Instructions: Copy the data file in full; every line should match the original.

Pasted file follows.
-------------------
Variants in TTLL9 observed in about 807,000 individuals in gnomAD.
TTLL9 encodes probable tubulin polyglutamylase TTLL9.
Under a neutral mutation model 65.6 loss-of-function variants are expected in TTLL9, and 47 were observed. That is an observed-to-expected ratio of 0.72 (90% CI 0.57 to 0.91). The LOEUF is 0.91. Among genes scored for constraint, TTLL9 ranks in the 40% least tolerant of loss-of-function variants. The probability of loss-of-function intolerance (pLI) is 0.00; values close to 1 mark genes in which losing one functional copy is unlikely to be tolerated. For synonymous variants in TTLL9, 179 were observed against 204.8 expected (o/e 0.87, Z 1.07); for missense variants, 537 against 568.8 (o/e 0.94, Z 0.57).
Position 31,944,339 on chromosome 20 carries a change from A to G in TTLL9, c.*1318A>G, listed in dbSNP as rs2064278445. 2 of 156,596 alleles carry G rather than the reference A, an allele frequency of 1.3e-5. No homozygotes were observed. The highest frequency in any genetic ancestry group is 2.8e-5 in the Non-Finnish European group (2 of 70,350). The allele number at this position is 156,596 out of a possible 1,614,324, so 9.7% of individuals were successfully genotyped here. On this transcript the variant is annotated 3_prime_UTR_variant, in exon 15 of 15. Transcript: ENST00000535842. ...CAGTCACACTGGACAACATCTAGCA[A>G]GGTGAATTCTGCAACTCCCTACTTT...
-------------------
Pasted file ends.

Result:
Variants in TTLL9 observed in about 807,000 individuals in gnomAD.
TTLL9 encodes probable tubulin polyglutamylase TTLL9.
Under a neutral mutation model 65.6 loss-of-function variants are expected in TTLL9, and 47 were observed. That is an observed-to-expected ratio of 0.72 (90% CI 0.57 to 0.91). The LOEUF is 0.91. Among genes scored for constraint, TTLL9 ranks in the 40% least tolerant of loss-of-function variants. The probability of loss-of-function intolerance (pLI) is 0.00; values close to 1 mark genes in which losing one functional copy is unlikely to be tolerated. For synonymous variants in TTLL9, 179 were observed against 204.8 expected (o/e 0.87, Z 1.07); for missense variants, 537 against 568.8 (o/e 0.94, Z 0.57).
Position 31,944,339 on chromosome 20 carries a change from A to G in TTLL9, c.*1318A>G, listed in dbSNP as rs2064278445. 2 of 156,596 alleles carry G rather than the reference A, an allele frequency of 1.3e-5. No homozygotes were observed. The highest frequency in any genetic ancestry group is 2.8e-5 in the Non-Finnish European group (2 of 70,350). The allele number at this position is 156,596 out of a possible 1,614,324, so 9.7% of individuals were successfully genotyped here. On this transcript the variant is annotated 3_prime_UTR_variant, in exon 15 of 15. Transcript: ENST00000535842. ...CAGTCACACTGGACAACATCTAGCA[A>G]GGTGAATTCTGCAACTCCCTACTTT...